The current study examines individual-, social-, and school-level characteristics influencing symptoms of depression and self-esteem among a large sample (N = 4,321) of U.S. youth living in two rural counties in the South. Survey data for this sample of middle-school students (Grade 6 to Grade 8) were part of the Rural Adaptation Project. Data were analyzed using ordered logistic regression. Results show that being female, having a low income, and having negative relationships with parents and peers are risk factors that increase the probability of reporting high levels of depressive symptoms and low levels of self-esteem. In contrast, supportive relationships with parents and peers, high religious orientation, ethnic identity, and school satisfaction increased the probability of reporting low levels of depressive symptoms and high levels of self-esteem. There were few school-level characteristics associated with levels of depressive symptoms and self-esteem. Implications are discussed.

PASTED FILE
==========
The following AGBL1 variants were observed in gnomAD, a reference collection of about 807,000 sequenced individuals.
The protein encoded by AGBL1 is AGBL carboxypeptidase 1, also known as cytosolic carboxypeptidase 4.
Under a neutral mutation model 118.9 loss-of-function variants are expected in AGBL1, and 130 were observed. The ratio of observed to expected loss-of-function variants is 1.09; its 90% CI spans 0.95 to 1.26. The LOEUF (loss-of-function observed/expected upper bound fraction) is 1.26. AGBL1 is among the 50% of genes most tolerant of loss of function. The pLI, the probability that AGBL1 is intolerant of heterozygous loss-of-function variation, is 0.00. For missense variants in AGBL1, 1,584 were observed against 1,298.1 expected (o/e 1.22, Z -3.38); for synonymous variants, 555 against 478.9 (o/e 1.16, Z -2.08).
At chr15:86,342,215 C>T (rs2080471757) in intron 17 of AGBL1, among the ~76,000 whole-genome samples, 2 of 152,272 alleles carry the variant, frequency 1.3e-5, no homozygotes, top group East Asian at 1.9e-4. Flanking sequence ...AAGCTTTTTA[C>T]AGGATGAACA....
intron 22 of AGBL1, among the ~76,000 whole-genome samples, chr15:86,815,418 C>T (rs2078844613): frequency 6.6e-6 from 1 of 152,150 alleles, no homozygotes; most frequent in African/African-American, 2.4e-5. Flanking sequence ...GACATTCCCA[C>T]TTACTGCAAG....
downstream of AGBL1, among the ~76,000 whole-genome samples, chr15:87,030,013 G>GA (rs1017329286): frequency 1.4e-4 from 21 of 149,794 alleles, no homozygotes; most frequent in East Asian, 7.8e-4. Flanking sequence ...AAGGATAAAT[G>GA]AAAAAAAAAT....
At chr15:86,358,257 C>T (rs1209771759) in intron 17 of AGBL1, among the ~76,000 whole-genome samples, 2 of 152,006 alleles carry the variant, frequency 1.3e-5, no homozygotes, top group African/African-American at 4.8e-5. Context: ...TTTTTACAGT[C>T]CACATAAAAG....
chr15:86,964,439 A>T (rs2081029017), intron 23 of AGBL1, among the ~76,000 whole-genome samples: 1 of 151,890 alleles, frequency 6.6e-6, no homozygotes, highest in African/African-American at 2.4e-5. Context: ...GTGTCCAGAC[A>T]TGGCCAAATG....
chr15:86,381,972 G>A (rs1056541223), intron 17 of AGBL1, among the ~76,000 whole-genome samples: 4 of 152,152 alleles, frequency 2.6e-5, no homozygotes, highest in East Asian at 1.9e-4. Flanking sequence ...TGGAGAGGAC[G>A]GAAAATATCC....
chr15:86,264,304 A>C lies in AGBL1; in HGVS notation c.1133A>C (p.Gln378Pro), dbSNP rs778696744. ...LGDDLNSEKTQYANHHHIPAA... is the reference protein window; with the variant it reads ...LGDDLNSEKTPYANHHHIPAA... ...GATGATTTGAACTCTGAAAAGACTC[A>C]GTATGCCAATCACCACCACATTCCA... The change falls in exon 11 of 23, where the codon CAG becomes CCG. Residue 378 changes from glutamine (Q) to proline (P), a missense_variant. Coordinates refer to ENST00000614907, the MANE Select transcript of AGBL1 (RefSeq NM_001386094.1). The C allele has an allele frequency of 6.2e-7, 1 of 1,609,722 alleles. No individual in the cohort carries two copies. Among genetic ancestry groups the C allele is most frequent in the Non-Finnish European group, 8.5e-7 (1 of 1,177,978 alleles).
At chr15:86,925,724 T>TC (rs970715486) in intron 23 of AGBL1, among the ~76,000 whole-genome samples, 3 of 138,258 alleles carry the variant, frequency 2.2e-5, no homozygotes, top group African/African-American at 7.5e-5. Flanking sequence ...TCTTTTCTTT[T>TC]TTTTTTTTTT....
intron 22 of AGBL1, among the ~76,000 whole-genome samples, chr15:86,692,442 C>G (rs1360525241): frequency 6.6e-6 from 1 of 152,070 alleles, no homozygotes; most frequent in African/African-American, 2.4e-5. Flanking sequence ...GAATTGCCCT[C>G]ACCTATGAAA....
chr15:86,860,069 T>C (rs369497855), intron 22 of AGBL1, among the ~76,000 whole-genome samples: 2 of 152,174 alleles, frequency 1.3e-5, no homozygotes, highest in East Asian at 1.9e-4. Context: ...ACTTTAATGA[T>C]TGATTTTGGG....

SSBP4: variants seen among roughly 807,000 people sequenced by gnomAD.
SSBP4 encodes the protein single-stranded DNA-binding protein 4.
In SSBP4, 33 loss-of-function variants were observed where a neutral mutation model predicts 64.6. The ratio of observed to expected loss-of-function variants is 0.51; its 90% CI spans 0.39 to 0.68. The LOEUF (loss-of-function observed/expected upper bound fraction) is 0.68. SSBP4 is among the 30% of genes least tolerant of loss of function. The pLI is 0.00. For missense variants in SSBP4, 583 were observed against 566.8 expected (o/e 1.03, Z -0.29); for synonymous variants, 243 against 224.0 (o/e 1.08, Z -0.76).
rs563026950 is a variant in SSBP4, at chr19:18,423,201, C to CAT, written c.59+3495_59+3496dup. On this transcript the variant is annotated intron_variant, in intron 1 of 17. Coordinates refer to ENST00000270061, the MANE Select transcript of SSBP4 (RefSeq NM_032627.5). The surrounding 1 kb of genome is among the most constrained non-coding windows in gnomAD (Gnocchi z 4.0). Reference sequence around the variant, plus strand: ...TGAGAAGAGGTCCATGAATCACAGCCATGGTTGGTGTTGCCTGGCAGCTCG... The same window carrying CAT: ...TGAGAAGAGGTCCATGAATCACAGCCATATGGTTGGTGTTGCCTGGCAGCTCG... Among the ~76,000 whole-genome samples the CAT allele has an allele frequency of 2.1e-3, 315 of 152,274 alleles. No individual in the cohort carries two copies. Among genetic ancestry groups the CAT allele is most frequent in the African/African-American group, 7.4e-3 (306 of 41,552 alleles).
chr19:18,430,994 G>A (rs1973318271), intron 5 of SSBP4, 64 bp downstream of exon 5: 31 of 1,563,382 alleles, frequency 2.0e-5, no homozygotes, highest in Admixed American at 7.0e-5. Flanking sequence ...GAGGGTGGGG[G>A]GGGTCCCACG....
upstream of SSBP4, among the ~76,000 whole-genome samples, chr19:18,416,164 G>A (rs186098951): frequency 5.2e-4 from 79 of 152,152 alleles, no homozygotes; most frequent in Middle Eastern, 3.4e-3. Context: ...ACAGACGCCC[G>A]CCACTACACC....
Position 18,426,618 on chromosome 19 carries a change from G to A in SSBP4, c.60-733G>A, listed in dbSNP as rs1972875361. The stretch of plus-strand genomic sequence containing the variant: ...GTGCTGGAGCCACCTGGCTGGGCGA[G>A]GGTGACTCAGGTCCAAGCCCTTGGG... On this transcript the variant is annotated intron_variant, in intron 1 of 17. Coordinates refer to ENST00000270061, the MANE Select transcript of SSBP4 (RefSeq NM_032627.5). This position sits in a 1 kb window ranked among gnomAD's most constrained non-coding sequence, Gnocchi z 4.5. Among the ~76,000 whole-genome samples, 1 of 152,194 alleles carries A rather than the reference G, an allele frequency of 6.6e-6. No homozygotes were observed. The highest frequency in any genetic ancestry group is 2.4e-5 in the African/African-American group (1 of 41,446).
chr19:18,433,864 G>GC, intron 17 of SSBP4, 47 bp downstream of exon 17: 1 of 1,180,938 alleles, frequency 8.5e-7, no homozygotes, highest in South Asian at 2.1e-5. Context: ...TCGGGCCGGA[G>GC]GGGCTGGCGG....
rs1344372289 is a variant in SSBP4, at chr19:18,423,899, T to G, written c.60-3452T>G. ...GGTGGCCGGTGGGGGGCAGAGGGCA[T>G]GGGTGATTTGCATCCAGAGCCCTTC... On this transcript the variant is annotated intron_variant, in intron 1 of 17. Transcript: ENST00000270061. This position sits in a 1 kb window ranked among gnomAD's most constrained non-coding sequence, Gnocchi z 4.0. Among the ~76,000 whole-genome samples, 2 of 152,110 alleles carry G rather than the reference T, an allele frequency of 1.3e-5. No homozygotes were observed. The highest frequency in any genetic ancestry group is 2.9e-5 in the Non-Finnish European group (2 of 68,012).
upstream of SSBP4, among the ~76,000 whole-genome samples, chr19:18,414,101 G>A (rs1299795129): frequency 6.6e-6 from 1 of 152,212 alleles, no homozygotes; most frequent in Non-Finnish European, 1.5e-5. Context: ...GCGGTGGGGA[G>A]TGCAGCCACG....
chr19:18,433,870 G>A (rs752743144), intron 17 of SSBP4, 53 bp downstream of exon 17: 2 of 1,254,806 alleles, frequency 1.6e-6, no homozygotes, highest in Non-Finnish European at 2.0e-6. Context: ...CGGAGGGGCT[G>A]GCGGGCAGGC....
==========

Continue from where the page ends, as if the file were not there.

- Native American
ASJC Scopus subject areas
- Pediatrics, Perinatology, and Child Health
- Developmental and Educational Psychology
- Psychiatry and Mental health